In high school, I used to take copious notes, but these were mostly intended for purely personal use, and very few of them were in a digital form where it was even possible to efficiently share them with others. CMI was the place where I transitioned from creating transient content primarily for my personal use to long-lasting content potentially intended for use by others. I dabbled with LaTeX, personal blogs, and other forms of writing. All the time, I was writing something! Some of the things I wrote that still survive include:
- A detailed personal website in CMI’s space that included notes on all sorts of aspects of my academic life.
- Teaching materials prepared for the Olympiads, some of which I used for classes I taught to Olympiad hopefuls in Chennai, plus general Olympiad preparation guidance I put up on my CMI page.
- Editing of Wikipedia pages (which I recently resumed, see my Wikipedia editing page).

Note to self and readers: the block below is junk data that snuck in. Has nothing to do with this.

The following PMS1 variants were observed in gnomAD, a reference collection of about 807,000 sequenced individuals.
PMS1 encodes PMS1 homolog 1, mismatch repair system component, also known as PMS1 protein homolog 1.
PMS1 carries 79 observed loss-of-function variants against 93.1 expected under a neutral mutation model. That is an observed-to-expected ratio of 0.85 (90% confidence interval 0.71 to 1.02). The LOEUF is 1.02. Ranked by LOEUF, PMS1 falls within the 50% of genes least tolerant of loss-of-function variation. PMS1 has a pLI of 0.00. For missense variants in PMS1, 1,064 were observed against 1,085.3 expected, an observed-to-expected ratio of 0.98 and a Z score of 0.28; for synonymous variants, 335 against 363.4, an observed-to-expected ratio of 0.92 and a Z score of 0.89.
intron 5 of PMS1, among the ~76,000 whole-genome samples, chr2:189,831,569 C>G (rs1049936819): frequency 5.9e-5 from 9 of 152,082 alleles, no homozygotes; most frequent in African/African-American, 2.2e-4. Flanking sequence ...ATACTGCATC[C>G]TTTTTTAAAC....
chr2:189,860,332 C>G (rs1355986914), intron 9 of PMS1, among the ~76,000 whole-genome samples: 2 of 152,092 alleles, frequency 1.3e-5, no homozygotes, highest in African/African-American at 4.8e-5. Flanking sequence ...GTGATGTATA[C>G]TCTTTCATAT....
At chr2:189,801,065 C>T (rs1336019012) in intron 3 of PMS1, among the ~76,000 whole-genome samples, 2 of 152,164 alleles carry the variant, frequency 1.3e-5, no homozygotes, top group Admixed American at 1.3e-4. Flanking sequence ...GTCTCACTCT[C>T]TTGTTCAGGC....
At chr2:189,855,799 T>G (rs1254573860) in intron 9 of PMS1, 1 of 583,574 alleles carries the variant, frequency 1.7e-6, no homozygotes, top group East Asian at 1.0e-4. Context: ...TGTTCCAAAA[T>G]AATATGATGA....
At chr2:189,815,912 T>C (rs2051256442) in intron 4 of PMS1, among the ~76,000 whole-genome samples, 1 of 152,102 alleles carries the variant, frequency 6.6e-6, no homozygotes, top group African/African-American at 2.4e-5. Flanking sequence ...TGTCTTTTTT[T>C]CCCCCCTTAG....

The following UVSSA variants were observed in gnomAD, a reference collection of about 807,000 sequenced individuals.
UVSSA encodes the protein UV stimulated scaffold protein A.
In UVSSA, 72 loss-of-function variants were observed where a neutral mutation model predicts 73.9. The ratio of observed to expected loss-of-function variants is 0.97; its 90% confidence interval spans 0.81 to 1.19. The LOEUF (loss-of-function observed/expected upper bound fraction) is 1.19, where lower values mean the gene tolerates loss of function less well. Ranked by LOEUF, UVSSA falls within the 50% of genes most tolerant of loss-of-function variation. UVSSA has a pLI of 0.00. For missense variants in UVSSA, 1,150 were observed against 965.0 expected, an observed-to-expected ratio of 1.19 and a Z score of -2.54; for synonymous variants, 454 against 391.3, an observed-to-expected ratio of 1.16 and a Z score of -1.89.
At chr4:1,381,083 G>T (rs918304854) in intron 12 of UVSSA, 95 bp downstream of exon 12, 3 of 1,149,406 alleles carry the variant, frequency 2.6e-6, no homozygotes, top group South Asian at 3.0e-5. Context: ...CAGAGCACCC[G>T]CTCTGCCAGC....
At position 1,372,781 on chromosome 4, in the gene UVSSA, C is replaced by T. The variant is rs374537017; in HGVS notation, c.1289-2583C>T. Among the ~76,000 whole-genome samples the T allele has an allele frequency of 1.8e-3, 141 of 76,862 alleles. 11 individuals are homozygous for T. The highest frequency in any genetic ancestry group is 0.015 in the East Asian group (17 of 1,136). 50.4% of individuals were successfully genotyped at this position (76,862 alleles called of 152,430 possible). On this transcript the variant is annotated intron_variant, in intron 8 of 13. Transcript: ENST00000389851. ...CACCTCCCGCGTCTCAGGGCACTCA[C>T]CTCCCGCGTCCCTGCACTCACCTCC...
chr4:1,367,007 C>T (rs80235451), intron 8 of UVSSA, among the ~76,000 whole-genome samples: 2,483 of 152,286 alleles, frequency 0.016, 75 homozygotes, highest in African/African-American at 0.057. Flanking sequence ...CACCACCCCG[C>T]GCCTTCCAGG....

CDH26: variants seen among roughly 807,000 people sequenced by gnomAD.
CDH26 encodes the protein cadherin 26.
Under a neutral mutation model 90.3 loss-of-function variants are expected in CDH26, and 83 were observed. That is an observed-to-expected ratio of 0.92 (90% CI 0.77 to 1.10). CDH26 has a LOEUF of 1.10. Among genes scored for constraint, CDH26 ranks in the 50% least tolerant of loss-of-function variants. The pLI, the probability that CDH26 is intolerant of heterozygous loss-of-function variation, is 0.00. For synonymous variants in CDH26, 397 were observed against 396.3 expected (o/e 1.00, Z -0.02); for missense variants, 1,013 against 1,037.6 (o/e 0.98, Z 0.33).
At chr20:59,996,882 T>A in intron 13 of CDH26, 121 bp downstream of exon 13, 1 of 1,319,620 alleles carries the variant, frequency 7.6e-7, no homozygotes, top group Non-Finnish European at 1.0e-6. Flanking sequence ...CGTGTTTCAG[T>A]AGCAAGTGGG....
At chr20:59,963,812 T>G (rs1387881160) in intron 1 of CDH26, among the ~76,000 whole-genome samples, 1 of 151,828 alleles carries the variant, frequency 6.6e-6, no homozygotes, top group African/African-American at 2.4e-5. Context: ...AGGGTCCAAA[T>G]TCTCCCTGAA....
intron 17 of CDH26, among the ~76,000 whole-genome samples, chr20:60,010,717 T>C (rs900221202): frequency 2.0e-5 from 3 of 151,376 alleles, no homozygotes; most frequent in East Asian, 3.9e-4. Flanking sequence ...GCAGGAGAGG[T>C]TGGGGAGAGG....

- After an exciting and extensive group-edited wiki by the students related to moving to the new campus, I decided to experiment with creating a wiki for group theory content. Started in December 2006, this laid the foundation for what would ultimately become the subject wikis, including (and starting with) Groupprops.
While CMI marked the transition from taking short-term notes for myself to writing stuff that was shared more widely, what I lacked at the time was a clear framework for feedback and a systematic way of identifying what content was most valuable to create. I was writing for an audience but it was, for the most part, a hypothetical audience, one for which I knew a few representatives, but not one that I had a very clear quantitative idea of.
I link below to some historical documents related to my undergraduate coursework at Chennai Mathematical Institute. They should not be used to inform current thinking about the state of undergraduate education at CMI.
- Courses and grades (PDF), includes a description of what was covered in each course and my experience with it.
- Official transcript: Just a list of courses and grades.
You can read my overview of summer camps I participated in while an undergradute in this document: Summer camps (PDF).